Lesson Using 360-degree Immersive Visualization
This spring, as part of a unit on Nature and Nation in my North American Arts course, I created an assignment that would allow my students to physically engage one of nineteenth-century painter Thomas Moran’s “big picture” landscapes and the contemporary 360-degree video on global environmental and immigration issues Exit (2015), created by Diller Scofidio + Renfro, Mark Hansen, Laura Kurgan & Ben Rubin, in collaboration w/ Robert Gerard Pietrusko & Stewart Smith. https://dsrny.com/project/exit
With the help of GIS librarian Amanda Tickner, I took advantage of the 360-degree immersive visualization room in the MSU library’s new Digital Scholarship Lab http://digitalscholarshiplab.msu.edu to allow students to better engage the sense of scale and grand visual experience of nature Moran intended to evoke. Exit presents a panoramic display of data from 2008-2015, which visually represents global human movements due to various environmental, economic, and political forces. By immersing the viewer with such a grand, dynamic scale of data, the artists provided an overwhelming and compelling statement about the problematic state of the planet and its residents.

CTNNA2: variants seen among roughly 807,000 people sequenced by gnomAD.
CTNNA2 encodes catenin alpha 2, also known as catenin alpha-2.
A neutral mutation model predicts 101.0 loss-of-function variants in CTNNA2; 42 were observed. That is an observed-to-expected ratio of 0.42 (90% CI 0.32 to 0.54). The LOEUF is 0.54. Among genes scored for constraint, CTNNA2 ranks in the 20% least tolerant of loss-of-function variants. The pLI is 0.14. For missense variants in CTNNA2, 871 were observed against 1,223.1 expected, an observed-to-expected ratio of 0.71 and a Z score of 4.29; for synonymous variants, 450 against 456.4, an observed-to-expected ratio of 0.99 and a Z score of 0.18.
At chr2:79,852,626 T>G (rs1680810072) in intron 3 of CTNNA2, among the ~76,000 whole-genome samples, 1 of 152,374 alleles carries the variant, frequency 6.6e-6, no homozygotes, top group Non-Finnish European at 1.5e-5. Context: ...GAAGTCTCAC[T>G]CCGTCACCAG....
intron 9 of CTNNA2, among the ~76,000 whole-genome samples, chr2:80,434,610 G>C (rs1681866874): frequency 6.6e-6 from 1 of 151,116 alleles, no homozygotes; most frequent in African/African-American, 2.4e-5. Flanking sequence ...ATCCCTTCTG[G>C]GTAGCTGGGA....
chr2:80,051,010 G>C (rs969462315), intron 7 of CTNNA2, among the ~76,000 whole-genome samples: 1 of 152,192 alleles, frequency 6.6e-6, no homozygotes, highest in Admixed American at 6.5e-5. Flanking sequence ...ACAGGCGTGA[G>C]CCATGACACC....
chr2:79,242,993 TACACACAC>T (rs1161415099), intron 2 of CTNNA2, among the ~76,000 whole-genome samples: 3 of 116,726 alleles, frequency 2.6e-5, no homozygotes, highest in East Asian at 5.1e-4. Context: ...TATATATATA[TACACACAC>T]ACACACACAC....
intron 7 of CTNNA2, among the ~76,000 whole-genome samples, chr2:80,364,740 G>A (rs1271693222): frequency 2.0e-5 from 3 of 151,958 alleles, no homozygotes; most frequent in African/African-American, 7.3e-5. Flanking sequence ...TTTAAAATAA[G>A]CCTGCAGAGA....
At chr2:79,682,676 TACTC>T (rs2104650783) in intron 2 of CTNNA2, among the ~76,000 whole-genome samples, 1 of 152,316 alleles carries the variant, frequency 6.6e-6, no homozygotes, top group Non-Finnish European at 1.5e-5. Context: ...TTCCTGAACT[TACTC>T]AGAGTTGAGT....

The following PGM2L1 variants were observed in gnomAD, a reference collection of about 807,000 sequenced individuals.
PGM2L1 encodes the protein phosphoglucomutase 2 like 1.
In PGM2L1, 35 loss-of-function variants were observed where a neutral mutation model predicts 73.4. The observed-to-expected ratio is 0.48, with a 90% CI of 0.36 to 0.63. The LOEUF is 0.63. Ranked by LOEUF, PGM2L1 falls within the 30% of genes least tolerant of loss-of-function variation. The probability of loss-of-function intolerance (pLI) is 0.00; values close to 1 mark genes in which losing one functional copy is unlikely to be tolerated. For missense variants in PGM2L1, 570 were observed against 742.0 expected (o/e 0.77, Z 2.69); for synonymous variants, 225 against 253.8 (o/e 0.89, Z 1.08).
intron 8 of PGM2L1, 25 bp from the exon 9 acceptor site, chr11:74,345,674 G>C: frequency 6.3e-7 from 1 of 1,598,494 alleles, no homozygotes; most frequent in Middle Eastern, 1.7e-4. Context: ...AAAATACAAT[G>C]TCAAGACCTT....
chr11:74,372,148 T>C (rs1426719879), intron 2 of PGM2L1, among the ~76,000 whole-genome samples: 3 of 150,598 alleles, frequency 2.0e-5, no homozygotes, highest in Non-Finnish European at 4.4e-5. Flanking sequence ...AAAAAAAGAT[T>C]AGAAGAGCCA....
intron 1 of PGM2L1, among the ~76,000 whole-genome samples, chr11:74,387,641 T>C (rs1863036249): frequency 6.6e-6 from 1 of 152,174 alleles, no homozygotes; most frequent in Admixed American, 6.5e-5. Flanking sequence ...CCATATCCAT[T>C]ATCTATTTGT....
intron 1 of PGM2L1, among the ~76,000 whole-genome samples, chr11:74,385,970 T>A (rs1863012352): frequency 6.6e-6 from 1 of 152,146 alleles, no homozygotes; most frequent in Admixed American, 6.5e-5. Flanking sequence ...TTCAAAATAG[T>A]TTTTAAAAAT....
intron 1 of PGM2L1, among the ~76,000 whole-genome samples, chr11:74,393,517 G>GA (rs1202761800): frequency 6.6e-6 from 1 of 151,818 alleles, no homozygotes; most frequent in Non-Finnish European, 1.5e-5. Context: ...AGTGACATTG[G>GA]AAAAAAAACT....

This lesson was the culmination of three weeks of lectures, discussions, and readings focused on the visualization of nature by North American artists. Classes were organized around various media and environmental philosophies or issues. Lectures featured early nineteenth-century through early twentieth-century artists from a variety of cultural, racial, and gender backgrounds. I was inspired by art historian Alan Braddock’s recent article, “Ecology > Nature,” American Art 31, no. 2 (Summer 2017): 59-61, to create a writing assignment where students would compare and contrast Moran’s The Grand Canyon of Yellowstone (1872) to Exit.
After reading William Cronan’s chapter “The Trouble with Wilderness,” in Uncommon Ground: Rethinking the Human Place in Nature, William Cronan, ed. (1995), students explained in an essay why Moran’s painting exemplified Cronan’s problem with many American’s conception of wilderness as remote, rural, and isolated from humans; they then explored why Exit might align with the author’s solution for “rethinking the human place in nature.” In order to apply Cronan’s argument to current environmental dilemmas as engaged by Exit artists, students were asked to consider how they might find wilderness in their own urban spaces, homes, towns, apartments, campus, etc., in order to reinforce responsible behavior towards nature and disenfranchised peoples.